However, since 2010, Idaho’s median age has increased nearly a full year – from 34.6 years. Only Maine, New Hampshire and Utah saw larger increases.
Since the 1960s, Idaho, like the rest of the United States, has seen dramatic changes in marriage customs. They, in turn, affect the makeup of households, which determines the strength of consumer spending, home stability for children and the educational attainment and size of the available workforce.
Attitudes toward marriage have changed dramatically in the past two or three decades.
While marriage once was a first step into adulthood, it now is one of the last steps. Andrew J. Cherlin, a professor of sociology and public policy at Johns Hopkins, wrote in an April 27, 2013, New York Times article that “marriage has become the capstone experience of personal life — the last brick put in place after everything else is set. … Young adults with greater earning potential, who can afford the capstone celebration, are still marrying in large numbers while those with poorer economic prospects are holding off. According to the National Center for Family and Marriage Research, 88 percent of 35- to 44-year-old women with four-year college degrees have married, compared with 79 percent of those without high-school diplomas. In fact, young adults without college degrees are increasingly likely to put off marriage and have their first children in cohabiting relationships, sometimes years before they marry. Nearly all of the increase in childbearing outside of marriage in the last two decades is from births to cohabiting couples, most without college degrees, rather than to single mothers.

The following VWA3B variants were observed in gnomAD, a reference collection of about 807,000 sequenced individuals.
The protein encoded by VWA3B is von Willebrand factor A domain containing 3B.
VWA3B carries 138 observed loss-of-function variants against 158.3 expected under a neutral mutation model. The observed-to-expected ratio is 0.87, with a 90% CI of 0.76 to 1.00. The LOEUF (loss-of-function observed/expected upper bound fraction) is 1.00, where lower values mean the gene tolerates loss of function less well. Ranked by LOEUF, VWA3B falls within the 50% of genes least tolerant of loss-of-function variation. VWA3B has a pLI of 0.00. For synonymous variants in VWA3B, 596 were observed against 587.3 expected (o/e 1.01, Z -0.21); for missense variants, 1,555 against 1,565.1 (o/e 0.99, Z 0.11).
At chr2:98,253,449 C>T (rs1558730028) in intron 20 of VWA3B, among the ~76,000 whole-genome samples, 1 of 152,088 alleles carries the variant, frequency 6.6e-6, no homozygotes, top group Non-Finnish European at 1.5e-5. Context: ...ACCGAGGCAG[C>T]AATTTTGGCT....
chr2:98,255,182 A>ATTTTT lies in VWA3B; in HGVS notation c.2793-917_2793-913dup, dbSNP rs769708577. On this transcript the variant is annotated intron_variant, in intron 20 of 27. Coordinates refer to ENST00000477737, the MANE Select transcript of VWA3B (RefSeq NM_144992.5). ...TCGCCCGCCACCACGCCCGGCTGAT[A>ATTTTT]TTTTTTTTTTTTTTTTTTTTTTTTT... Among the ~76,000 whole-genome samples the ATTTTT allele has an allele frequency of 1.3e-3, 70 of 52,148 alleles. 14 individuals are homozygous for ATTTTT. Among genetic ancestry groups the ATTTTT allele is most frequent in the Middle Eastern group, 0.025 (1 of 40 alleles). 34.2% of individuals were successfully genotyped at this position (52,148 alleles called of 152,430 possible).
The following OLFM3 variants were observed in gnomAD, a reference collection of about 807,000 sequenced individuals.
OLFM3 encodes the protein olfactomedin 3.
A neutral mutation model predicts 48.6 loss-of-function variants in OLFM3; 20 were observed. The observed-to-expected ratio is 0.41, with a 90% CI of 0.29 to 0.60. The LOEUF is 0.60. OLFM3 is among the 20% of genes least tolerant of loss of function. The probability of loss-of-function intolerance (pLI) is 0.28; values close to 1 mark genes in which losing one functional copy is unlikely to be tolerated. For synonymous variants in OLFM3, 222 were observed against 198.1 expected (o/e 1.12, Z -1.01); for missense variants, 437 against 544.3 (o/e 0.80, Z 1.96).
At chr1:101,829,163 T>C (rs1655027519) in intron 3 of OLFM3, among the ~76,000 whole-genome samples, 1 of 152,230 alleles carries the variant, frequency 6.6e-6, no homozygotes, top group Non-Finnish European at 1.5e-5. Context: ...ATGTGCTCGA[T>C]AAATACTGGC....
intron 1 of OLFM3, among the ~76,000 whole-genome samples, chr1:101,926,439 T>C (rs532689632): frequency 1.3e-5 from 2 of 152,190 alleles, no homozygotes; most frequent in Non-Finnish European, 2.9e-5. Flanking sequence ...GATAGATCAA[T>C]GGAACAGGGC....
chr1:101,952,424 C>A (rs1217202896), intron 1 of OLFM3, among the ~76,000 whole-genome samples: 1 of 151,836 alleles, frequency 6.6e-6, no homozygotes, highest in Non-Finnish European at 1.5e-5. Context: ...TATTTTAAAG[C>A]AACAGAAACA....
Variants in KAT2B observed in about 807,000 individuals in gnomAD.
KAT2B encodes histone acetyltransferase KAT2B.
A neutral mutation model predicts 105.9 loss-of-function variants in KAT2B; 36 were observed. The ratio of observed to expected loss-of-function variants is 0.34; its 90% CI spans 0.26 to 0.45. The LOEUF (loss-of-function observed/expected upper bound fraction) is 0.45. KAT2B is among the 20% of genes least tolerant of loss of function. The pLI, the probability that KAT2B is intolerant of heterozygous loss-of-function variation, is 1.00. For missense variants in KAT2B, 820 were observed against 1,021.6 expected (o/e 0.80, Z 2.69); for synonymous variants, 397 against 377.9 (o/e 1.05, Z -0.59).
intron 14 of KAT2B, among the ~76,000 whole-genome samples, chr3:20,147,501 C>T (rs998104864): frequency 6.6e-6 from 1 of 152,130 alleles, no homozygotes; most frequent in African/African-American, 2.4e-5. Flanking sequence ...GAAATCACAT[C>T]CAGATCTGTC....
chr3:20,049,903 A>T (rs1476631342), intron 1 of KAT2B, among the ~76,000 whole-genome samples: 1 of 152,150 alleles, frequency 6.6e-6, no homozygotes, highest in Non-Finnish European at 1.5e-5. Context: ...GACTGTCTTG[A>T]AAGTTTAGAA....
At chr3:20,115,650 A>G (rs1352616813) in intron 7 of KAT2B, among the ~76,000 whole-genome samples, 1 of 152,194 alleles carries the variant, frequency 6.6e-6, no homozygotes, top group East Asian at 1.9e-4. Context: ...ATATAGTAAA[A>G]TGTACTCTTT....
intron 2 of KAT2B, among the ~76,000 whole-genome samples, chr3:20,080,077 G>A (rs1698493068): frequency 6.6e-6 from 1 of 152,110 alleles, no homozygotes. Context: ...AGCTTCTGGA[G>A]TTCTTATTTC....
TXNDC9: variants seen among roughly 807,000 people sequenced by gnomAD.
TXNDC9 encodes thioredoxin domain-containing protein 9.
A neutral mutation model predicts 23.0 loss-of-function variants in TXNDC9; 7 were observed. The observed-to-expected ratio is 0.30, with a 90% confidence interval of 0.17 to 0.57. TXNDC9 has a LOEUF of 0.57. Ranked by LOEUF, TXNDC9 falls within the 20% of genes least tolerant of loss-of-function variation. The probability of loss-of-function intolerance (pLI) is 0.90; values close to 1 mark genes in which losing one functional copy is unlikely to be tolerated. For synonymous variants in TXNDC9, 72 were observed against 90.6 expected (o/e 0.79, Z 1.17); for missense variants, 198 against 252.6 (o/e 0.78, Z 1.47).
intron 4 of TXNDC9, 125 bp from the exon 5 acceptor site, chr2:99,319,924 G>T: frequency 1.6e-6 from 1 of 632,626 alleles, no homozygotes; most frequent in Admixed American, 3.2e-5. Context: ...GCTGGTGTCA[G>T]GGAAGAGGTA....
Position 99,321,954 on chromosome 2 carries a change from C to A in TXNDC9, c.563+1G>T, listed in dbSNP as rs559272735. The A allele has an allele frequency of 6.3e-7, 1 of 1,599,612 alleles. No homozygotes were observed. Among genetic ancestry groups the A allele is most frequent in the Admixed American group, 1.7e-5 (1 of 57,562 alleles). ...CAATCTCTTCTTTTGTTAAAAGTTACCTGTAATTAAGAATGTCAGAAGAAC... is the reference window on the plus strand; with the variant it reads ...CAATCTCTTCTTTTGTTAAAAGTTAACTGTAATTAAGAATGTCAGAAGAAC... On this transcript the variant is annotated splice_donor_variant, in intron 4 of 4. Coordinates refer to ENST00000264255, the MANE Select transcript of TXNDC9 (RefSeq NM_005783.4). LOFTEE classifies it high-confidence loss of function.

“More than 90 percent of American women with four-year college degrees wait until after they are married to have children. … Moreover, their marriages are lasting longer — since 1980 the divorce rate has dropped faster for those with college degrees so that about one in six of their marriages ends in divorce in the first 10 years compared with nearly one in two marriages among people without high school degrees.”
Idaho’s population growth – and the shifts toward more urban areas over the last several decades – has had differing effects on the population density in the 44 counties, and as density increases that generally impacts services. It can drive up the cost of living and adversely affect water and air quality and wildlife but increase community vibrancy and amenities.
The 1950 census found Canyon County with the highest density in the state. Neighboring Ada County was a distant second with 36 percent fewer people per square mile. While Canyon County is half the size of Ada County, it picked up residents as Ada County saw real estate prices escalate and open spaces decrease.
Despite the housing market contraction that helped ignite the recession, Idahoans continued moving to other states at the same annual rate between 2007 and 2011, but the number of people from other states moving to Idaho dropped dramatically, according to U.S. Census Bureau estimates.
The new 2011 census figures, for the first time, included estimates of educational attainment and annual income for those moving in and out. In Idaho, those moving into the state were a little more prosperous than those moving out but a little less educated, on a percentage basis.